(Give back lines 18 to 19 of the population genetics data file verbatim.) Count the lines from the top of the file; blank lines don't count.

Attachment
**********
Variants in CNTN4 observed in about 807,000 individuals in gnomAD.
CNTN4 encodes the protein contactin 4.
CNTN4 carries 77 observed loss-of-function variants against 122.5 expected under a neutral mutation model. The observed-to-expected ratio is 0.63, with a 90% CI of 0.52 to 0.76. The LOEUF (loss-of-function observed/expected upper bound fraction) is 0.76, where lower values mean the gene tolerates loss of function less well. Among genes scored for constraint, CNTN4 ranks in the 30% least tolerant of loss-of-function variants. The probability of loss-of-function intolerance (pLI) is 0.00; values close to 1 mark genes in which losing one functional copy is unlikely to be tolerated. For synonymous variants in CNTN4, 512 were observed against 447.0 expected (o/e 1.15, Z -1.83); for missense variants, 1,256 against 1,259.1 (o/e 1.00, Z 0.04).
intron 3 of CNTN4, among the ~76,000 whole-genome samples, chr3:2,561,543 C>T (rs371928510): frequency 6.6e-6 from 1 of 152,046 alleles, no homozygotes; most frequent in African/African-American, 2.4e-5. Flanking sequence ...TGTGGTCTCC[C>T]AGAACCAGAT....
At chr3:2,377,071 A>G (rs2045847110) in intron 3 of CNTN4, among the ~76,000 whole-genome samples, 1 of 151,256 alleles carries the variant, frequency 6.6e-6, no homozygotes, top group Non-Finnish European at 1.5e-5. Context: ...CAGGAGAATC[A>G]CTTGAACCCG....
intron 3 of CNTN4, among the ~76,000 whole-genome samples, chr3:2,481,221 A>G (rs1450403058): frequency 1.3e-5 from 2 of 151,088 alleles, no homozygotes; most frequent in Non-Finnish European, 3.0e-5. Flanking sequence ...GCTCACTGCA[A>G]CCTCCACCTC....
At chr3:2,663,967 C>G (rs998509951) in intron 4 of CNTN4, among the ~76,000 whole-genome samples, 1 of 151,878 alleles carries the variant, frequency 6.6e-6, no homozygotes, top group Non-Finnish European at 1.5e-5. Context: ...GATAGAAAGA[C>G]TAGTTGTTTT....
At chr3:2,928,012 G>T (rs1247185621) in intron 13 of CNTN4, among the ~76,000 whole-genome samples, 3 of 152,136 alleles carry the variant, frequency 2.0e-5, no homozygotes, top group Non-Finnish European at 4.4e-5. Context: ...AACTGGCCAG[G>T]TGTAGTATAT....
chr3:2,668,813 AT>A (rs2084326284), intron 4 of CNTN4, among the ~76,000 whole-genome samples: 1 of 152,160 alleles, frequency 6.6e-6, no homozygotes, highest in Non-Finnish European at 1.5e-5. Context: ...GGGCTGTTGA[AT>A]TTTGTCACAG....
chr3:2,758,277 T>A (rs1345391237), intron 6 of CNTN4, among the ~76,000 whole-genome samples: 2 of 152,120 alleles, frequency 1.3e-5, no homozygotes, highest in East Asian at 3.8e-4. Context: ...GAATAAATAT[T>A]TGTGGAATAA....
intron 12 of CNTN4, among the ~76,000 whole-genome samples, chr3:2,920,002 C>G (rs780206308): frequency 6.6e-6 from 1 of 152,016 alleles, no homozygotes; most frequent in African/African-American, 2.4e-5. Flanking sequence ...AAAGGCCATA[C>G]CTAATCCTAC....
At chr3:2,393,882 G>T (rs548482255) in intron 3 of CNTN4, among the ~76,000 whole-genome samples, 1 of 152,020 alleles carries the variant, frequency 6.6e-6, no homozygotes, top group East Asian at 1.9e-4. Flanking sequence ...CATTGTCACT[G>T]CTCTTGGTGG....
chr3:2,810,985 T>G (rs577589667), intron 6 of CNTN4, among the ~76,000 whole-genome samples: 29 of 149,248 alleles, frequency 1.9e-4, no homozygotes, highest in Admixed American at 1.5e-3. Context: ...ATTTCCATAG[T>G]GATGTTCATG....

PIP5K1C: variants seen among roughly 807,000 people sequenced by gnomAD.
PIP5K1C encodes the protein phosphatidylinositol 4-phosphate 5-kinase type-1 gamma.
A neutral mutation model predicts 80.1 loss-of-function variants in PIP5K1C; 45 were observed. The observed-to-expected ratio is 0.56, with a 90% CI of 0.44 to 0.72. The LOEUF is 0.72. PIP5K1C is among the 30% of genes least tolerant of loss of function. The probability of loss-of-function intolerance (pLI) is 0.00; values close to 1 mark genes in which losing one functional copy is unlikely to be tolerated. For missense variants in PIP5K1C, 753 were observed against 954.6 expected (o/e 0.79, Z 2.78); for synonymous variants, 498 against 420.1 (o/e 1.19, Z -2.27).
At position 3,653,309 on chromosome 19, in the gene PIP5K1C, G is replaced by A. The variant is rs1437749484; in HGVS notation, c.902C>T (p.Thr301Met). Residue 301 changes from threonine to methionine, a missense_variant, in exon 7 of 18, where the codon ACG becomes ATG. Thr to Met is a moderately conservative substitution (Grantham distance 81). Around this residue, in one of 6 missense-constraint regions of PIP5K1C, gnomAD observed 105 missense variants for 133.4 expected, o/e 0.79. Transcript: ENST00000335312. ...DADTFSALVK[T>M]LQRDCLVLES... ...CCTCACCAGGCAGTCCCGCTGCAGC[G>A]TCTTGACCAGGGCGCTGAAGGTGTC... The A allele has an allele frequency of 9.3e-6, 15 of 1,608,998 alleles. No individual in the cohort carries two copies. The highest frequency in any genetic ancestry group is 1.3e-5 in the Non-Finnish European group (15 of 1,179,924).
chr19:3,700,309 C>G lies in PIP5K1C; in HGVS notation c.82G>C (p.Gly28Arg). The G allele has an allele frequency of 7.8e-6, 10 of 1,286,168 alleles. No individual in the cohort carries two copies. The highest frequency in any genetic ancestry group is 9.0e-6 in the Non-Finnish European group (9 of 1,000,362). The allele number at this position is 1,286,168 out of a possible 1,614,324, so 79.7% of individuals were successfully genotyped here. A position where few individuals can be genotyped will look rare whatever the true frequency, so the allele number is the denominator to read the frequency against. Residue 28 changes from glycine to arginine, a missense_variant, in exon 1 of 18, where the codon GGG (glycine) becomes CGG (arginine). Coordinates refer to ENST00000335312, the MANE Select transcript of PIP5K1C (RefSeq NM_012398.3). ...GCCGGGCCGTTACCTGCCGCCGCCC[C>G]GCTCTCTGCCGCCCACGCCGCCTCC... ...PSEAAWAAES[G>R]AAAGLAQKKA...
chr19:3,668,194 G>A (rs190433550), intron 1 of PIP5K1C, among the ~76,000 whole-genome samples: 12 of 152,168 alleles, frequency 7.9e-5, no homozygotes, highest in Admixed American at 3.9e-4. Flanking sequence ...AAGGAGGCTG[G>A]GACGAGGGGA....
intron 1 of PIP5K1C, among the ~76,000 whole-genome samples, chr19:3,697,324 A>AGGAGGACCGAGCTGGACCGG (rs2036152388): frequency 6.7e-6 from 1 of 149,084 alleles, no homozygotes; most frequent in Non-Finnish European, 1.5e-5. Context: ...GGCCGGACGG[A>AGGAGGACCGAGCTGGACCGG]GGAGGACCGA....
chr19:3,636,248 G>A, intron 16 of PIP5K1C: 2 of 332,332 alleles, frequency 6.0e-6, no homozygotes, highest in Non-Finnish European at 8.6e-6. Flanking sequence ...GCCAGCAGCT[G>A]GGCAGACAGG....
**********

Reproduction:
chr19:3,700,309 C>G lies in PIP5K1C; in HGVS notation c.82G>C (p.Gly28Arg). The G allele has an allele frequency of 7.8e-6, 10 of 1,286,168 alleles. No individual in the cohort carries two copies. The highest frequency in any genetic ancestry group is 9.0e-6 in the Non-Finnish European group (9 of 1,000,362). The allele number at this position is 1,286,168 out of a possible 1,614,324, so 79.7% of individuals were successfully genotyped here. A position where few individuals can be genotyped will look rare whatever the true frequency, so the allele number is the denominator to read the frequency against. Residue 28 changes from glycine to arginine, a missense_variant, in exon 1 of 18, where the codon GGG (glycine) becomes CGG (arginine). Coordinates refer to ENST00000335312, the MANE Select transcript of PIP5K1C (RefSeq NM_012398.3). ...GCCGGGCCGTTACCTGCCGCCGCCC[C>G]GCTCTCTGCCGCCCACGCCGCCTCC... ...PSEAAWAAES[G>R]AAAGLAQKKA...
chr19:3,668,194 G>A (rs190433550), intron 1 of PIP5K1C, among the ~76,000 whole-genome samples: 12 of 152,168 alleles, frequency 7.9e-5, no homozygotes, highest in Admixed American at 3.9e-4. Flanking sequence ...AAGGAGGCTG[G>A]GACGAGGGGA....